When we talk about typography, we either refer to it as a typeface or a font. And in most situations, it’s fine to use either one. But they actually mean two separate things, and it might be helpful to use the correct version to avoid miscommunication. (And to not annoy your creative director of course).
The difference between font and typeface
Most articles I’ve read take too long in my opinion to explain the difference. While this actually isn’t too hard to grasp.
- A typeface is the name of a family, for example, Helvetica Neue is a typeface.
- A font is more specific, for example, Helvetica Neue 18px SemiBold.
Three example sentences about typefaces and fonts:
- “This typeface doesn’t look right, let’s change it to Meta instead of Helvetica.”
- “The typeface is alright, but I have my doubts about the font, let’s use 18px bold instead of 16px SemiBold.”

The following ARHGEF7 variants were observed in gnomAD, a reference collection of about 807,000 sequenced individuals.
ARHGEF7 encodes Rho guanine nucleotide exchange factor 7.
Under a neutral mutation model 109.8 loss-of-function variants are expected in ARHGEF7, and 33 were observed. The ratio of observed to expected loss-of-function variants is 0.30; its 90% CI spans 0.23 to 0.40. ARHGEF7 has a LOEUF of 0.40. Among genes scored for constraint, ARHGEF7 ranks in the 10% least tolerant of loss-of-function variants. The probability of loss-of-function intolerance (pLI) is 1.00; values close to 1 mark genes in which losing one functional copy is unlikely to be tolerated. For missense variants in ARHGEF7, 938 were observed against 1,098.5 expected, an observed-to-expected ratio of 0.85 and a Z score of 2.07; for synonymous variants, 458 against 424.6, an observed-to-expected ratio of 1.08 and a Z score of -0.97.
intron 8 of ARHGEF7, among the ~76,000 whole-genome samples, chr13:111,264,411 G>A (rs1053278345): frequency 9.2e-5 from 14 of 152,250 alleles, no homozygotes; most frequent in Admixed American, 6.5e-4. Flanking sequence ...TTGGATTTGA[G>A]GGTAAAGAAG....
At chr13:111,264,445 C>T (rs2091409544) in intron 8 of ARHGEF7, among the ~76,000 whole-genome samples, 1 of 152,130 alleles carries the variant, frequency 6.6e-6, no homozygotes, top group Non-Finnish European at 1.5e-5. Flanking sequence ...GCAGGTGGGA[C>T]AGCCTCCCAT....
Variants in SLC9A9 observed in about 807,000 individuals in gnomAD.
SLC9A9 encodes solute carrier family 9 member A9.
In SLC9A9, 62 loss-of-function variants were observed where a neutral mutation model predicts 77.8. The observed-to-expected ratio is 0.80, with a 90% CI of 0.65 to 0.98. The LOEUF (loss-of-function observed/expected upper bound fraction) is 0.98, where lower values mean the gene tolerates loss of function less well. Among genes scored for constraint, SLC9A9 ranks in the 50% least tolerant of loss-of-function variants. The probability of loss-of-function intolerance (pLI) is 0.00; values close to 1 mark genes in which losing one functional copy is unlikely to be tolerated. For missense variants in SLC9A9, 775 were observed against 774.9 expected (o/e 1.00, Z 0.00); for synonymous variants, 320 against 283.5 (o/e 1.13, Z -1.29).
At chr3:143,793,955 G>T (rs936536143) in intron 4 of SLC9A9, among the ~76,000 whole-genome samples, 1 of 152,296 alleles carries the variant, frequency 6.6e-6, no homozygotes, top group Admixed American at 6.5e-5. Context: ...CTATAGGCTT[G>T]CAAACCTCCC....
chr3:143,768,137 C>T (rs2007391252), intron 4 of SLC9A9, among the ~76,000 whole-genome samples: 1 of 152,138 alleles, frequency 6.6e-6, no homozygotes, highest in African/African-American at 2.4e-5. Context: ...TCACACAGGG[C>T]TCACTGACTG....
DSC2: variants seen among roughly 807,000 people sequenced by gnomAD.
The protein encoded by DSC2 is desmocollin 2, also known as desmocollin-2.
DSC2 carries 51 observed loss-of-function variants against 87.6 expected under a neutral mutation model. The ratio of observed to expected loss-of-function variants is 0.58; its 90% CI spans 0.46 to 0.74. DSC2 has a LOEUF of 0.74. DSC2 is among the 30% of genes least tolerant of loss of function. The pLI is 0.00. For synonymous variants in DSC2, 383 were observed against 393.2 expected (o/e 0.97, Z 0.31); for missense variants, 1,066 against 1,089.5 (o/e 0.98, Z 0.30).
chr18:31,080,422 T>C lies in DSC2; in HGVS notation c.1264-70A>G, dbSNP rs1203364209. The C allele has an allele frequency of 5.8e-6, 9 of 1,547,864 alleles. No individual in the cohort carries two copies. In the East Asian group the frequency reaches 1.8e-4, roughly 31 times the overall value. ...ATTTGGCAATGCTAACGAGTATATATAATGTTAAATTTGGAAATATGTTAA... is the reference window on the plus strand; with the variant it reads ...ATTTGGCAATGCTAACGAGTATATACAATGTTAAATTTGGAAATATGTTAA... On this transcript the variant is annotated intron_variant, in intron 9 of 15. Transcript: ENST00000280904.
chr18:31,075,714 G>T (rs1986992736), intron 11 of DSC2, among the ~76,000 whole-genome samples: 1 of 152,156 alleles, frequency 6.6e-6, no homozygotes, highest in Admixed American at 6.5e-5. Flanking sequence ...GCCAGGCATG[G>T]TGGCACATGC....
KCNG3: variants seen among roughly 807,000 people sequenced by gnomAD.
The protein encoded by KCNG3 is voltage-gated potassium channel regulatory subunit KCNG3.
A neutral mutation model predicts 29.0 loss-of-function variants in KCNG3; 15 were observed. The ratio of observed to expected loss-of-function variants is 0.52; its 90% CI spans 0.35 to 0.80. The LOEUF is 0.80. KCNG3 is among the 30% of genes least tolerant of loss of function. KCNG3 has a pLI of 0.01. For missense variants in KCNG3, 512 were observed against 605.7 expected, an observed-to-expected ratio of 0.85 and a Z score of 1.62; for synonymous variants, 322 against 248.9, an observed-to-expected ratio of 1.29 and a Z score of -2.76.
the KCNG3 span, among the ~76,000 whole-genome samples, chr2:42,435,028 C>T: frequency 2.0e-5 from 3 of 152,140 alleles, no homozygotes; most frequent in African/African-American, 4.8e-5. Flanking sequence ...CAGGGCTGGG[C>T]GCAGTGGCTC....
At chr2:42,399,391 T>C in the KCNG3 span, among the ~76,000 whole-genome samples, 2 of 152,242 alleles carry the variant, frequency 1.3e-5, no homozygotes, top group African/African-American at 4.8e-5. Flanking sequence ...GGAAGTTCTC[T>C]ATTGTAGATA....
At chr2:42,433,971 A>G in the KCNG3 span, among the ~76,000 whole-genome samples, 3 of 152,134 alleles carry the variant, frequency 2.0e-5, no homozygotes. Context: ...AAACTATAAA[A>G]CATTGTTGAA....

- “Let’s use the typeface Garamond in this design, with the font 16px Garamond Italic.”
Why we should not call a typeface a font
Let me sketch a simple situation to illustrate why it matters.
Let’s say your colleague is designing with Helvetica Neue 18px SemiBold. When someone has his doubts about the typeface, he could say something like “I’m not very font of (no pun intended) of the font, let’s use a different font”. The designer might pick a different font: Helvetica Neue 20px Bold, instead of the 18px Semibold. He did indeed pick a different font. But his colleague actually meant to say typeface (thus getting rid of Helvetica all together and pick Garamond for example).
In other words, you might create miscommunication.
But also, as designers, we want to know what we’re talking about right? 😉
Curious next about how to choose a typeface for your design? Read more about that here.